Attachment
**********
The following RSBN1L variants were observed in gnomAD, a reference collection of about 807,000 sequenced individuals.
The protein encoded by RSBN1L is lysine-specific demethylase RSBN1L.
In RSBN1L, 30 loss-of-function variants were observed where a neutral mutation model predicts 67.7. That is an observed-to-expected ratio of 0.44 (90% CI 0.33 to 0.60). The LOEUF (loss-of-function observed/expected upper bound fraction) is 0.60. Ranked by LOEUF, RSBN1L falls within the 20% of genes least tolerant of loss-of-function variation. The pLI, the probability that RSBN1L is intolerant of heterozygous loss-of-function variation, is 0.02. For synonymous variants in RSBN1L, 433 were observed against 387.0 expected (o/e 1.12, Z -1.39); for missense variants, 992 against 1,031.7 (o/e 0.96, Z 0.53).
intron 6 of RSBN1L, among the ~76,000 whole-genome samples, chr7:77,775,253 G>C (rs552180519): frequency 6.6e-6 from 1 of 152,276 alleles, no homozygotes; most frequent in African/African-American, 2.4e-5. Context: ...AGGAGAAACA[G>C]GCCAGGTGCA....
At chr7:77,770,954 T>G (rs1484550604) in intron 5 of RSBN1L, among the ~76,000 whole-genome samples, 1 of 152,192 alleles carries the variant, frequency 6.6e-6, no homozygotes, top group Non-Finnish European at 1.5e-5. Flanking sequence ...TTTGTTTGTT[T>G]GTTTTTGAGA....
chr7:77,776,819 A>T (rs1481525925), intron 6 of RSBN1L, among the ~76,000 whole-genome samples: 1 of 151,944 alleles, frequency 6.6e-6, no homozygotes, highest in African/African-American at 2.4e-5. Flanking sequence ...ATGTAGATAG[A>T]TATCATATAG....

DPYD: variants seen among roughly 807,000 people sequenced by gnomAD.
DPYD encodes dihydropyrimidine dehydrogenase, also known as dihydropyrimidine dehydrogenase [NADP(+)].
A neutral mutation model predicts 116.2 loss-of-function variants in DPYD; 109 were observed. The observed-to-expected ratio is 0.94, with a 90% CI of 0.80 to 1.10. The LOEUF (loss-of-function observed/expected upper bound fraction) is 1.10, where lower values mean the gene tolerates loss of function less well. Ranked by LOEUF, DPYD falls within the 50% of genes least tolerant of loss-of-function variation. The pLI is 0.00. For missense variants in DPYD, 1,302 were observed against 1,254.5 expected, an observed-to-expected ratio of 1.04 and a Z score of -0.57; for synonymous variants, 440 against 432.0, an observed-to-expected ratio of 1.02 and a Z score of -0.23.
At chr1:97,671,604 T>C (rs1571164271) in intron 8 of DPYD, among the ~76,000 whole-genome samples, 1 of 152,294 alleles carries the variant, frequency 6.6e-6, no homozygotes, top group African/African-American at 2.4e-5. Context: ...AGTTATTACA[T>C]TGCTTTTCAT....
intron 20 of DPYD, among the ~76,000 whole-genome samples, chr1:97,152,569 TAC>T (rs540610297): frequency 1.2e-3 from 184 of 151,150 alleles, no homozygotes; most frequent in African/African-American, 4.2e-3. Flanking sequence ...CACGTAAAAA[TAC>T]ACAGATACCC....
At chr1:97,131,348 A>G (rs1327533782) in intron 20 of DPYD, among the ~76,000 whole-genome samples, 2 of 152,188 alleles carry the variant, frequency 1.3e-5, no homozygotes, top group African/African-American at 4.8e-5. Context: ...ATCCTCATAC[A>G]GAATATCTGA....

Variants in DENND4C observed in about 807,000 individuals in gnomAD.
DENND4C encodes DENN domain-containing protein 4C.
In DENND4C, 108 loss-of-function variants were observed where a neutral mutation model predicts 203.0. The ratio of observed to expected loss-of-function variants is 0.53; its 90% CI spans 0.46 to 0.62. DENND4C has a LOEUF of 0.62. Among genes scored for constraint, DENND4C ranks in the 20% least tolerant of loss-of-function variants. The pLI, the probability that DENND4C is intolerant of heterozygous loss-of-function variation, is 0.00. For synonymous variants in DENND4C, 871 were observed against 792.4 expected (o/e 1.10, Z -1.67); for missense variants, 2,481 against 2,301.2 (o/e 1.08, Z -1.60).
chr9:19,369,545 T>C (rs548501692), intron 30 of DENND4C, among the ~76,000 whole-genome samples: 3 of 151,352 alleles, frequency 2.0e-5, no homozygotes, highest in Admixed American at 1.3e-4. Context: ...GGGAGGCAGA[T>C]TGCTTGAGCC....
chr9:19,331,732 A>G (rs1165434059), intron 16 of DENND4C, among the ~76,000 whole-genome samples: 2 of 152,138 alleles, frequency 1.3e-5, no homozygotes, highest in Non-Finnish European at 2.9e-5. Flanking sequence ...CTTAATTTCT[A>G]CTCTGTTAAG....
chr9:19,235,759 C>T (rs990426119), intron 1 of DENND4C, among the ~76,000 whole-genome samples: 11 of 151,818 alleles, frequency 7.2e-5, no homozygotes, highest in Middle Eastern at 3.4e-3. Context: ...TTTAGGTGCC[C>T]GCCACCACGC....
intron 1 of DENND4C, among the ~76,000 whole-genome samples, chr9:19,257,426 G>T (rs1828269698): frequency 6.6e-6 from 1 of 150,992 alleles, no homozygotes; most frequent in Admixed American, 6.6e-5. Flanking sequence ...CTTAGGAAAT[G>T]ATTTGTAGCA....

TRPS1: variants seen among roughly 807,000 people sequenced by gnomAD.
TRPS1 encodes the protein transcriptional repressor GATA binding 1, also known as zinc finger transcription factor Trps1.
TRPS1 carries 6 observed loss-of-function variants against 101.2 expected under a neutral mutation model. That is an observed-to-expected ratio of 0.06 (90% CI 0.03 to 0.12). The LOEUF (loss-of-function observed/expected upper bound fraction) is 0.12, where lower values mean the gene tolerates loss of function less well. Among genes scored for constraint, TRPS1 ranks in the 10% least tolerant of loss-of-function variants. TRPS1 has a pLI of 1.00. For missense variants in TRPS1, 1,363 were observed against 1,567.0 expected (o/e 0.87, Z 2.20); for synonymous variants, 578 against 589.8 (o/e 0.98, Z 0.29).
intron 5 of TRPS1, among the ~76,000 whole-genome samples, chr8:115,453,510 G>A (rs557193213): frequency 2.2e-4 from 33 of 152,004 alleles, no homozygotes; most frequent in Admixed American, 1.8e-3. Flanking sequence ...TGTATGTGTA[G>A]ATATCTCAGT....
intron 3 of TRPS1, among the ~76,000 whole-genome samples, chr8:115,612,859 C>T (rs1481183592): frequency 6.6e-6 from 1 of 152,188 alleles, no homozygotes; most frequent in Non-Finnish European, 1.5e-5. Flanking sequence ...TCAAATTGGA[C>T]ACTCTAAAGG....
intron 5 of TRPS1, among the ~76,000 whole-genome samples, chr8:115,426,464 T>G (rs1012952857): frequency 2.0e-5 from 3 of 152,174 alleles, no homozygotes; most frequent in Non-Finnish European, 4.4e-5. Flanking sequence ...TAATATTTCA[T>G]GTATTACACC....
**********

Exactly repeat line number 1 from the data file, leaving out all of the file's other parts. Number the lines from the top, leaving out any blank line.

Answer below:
The following RSBN1L variants were observed in gnomAD, a reference collection of about 807,000 sequenced individuals.